Learning to Manipulate Novel Objects for Assistive Robots

dc.contributor.authorSung, Jaeyong
dc.contributor.chairSaxena, Ashutosh
dc.contributor.committeeMemberSalisbury, J. Kenneth
dc.contributor.committeeMemberSelman, Bart
dc.contributor.committeeMemberGuimbretière, François
dc.contributor.committeeMemberMarschner, Steve
dc.description.abstractThe ability to reason about different modalities of information, for the purpose of physical interaction with objects, is a critical skill for assistive robots. For a robot to be able to assist us in our daily lives, it is not feasible to train each robot for a large number of tasks with all instances of objects that exist in human environments. Robots will have to generalize their skills by jointly reasoning with various sensor modalities such as vision, language and haptic feedback. This is an extremely challenging problem because each modality has intrinsically different statistical properties. Moreover, even with expert knowledge, manually designing joint features between such disparate modalities is difficult. In this dissertation, we focus on developing learning algorithms for robots that model tasks involving interactions with various objects in unstructured human environments --- especially on novel objects and scenarios that involve sequences of complicated manipulation. To this end, we develop algorithms that learn shared representations of multimodal data and model full sequences of complex motions. We demonstrate our approach on several different applications: understanding human activities in unstructured environment, synthesizing manipulation sequences for under-specified tasks, manipulating novel appliances, and manipulating objects with haptic feedback.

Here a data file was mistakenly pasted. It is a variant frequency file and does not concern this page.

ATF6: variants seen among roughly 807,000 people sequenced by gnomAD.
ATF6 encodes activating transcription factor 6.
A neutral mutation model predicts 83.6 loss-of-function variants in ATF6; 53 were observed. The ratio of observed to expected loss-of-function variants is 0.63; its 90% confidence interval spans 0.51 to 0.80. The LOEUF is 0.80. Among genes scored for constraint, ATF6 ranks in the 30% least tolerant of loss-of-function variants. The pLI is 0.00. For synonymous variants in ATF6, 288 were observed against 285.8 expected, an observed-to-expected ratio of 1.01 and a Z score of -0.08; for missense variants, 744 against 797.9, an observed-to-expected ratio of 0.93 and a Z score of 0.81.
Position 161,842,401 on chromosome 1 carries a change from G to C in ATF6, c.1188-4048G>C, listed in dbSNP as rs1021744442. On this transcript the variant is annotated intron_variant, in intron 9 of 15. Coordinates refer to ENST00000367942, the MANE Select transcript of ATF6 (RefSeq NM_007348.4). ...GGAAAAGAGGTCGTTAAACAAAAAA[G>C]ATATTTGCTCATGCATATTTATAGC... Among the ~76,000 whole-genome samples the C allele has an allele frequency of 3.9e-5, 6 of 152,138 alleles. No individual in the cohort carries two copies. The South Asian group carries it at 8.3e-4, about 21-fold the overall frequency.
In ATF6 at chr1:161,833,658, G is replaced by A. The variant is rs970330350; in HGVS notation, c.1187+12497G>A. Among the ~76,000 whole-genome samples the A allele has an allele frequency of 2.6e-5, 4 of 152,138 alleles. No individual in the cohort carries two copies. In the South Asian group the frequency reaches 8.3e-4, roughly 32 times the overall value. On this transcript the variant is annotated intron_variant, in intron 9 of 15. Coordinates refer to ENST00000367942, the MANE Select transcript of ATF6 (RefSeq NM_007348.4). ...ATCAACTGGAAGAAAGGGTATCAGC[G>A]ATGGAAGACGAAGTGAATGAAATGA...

dc.identifier.otherbibid: 9948842
dc.subjectmachine learning
dc.subjectMultimodal Data
dc.subjectRobotic Manipulation
dc.subjectRobot Learning
dc.subjectArtificial intelligence
dc.subjectDeep Learning
dc.subjectComputer science
dc.titleLearning to Manipulate Novel Objects for Assistive Robots
dc.typedissertation or thesis
dcterms.license Science University of Philosophy D., Computer Science


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